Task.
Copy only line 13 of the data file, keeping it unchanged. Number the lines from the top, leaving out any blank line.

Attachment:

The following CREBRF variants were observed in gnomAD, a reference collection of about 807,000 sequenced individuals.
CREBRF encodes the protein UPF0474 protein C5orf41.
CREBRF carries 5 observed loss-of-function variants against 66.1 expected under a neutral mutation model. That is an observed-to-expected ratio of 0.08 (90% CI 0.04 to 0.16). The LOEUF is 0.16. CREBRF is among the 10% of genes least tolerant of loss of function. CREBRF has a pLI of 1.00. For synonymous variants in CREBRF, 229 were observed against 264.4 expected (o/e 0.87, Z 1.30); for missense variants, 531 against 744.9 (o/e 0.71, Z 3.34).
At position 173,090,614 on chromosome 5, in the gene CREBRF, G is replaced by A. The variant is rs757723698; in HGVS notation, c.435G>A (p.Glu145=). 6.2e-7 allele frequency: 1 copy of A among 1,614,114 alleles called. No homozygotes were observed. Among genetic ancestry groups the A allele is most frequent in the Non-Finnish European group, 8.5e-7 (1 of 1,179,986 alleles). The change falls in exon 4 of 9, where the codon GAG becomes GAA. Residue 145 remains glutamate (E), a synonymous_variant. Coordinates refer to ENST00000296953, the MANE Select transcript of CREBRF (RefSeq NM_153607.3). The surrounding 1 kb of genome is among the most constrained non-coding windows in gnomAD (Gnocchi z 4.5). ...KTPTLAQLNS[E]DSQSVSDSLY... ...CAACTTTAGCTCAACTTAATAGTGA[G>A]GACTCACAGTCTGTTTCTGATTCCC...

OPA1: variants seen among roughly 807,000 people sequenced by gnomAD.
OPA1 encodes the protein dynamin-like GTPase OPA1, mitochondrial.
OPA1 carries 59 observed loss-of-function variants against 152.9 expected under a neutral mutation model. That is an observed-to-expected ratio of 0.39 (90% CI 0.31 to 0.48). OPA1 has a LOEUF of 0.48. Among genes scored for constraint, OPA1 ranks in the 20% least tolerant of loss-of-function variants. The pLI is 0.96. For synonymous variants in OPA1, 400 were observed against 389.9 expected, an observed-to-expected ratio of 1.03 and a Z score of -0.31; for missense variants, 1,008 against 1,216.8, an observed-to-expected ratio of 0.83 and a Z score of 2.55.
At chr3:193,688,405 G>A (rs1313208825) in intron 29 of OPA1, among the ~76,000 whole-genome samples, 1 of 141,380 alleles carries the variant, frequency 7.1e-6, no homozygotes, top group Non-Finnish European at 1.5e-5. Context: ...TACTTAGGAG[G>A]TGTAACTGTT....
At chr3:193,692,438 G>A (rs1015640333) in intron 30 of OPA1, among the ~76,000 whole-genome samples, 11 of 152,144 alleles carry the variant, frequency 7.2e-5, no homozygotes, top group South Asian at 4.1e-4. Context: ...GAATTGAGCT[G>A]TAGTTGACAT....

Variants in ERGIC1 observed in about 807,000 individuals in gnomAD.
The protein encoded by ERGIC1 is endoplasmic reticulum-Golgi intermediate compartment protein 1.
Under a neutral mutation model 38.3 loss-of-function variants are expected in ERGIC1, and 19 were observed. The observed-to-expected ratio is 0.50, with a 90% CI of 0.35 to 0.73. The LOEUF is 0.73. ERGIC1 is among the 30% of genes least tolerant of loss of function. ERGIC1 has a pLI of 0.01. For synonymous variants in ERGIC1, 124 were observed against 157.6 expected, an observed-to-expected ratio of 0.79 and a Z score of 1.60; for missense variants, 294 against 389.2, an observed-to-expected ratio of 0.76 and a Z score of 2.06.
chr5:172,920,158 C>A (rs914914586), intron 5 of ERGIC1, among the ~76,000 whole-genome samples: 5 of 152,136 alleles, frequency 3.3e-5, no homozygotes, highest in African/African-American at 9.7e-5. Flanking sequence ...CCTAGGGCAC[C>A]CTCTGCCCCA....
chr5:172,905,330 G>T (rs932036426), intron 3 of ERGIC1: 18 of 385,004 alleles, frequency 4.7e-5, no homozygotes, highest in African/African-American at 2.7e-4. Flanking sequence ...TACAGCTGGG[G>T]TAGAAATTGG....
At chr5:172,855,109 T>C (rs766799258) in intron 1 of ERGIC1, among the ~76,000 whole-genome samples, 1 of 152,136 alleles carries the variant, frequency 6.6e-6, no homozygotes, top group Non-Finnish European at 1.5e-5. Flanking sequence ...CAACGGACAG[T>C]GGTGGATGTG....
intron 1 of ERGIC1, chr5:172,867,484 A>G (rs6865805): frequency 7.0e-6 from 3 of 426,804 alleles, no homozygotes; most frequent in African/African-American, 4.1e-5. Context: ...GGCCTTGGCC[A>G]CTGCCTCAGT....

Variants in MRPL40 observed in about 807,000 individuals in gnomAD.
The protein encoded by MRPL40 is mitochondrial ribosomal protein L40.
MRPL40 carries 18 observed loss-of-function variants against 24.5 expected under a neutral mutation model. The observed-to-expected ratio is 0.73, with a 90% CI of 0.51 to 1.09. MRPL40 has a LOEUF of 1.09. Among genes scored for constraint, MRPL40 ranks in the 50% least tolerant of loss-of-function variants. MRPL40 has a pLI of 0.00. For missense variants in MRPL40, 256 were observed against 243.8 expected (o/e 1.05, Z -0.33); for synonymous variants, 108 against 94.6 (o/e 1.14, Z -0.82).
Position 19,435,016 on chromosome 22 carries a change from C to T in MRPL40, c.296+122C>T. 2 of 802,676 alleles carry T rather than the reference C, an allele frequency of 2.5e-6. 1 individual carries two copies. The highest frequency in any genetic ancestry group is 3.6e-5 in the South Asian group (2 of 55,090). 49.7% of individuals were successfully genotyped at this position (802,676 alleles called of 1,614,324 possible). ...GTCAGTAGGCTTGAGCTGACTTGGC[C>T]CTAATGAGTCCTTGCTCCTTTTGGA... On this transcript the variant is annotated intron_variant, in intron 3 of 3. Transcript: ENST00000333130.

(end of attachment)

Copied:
chr5:172,920,158 C>A (rs914914586), intron 5 of ERGIC1, among the ~76,000 whole-genome samples: 5 of 152,136 alleles, frequency 3.3e-5, no homozygotes, highest in African/African-American at 9.7e-5. Flanking sequence ...CCTAGGGCAC[C>A]CTCTGCCCCA....